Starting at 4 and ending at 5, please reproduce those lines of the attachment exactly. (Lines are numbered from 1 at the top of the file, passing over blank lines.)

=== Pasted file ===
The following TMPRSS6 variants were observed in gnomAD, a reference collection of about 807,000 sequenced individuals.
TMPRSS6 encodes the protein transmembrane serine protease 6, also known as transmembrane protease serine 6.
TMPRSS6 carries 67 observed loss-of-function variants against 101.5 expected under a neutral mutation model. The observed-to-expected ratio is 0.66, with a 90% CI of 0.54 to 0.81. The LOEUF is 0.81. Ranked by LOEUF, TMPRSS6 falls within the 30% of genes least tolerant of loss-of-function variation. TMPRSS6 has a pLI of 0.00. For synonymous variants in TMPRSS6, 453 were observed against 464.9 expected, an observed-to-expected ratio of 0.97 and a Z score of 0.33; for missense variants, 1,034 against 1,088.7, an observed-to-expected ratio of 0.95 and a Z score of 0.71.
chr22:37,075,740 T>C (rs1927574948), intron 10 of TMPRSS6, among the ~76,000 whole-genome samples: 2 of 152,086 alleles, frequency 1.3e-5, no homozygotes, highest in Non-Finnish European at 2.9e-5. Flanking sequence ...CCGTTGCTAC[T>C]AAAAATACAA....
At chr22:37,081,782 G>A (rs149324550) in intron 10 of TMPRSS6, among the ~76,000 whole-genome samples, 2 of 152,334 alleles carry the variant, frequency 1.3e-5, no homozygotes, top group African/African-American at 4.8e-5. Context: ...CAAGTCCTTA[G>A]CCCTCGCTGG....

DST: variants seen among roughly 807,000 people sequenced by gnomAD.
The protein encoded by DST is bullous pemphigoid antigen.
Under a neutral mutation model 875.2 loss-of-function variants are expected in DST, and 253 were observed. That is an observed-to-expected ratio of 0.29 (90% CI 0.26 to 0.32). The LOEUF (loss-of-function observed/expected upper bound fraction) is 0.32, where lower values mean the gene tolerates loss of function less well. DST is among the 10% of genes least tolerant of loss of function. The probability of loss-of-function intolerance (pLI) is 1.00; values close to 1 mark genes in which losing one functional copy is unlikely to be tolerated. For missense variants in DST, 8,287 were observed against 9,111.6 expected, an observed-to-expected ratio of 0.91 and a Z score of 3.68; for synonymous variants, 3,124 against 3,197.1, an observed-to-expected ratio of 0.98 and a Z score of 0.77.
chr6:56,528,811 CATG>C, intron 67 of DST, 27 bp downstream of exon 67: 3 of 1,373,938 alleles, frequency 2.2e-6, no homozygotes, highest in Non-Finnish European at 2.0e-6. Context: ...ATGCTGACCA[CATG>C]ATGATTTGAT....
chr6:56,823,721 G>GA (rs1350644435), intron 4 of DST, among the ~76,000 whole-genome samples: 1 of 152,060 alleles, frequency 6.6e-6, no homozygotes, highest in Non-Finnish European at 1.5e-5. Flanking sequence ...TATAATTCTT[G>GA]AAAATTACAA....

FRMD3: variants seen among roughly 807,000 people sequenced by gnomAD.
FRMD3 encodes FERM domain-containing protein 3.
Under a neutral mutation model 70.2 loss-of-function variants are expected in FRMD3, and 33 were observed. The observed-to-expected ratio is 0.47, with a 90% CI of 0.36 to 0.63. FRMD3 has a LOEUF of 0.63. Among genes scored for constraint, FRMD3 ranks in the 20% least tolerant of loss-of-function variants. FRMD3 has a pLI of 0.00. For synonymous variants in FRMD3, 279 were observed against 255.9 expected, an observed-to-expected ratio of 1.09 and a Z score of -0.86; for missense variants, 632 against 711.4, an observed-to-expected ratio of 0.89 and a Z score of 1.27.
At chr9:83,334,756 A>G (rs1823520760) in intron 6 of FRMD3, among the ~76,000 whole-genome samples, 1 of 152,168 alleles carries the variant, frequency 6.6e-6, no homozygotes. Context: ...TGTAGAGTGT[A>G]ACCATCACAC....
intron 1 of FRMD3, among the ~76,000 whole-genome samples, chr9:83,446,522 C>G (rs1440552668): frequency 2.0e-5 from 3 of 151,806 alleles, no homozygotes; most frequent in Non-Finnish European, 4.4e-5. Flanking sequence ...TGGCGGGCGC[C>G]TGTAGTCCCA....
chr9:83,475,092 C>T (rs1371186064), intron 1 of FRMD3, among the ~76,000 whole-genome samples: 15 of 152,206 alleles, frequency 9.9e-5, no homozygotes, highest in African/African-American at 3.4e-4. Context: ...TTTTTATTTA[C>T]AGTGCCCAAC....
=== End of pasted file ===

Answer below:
chr22:37,075,740 T>C (rs1927574948), intron 10 of TMPRSS6, among the ~76,000 whole-genome samples: 2 of 152,086 alleles, frequency 1.3e-5, no homozygotes, highest in Non-Finnish European at 2.9e-5. Flanking sequence ...CCGTTGCTAC[T>C]AAAAATACAA....
At chr22:37,081,782 G>A (rs149324550) in intron 10 of TMPRSS6, among the ~76,000 whole-genome samples, 2 of 152,334 alleles carry the variant, frequency 1.3e-5, no homozygotes, top group African/African-American at 4.8e-5. Context: ...CAAGTCCTTA[G>A]CCCTCGCTGG....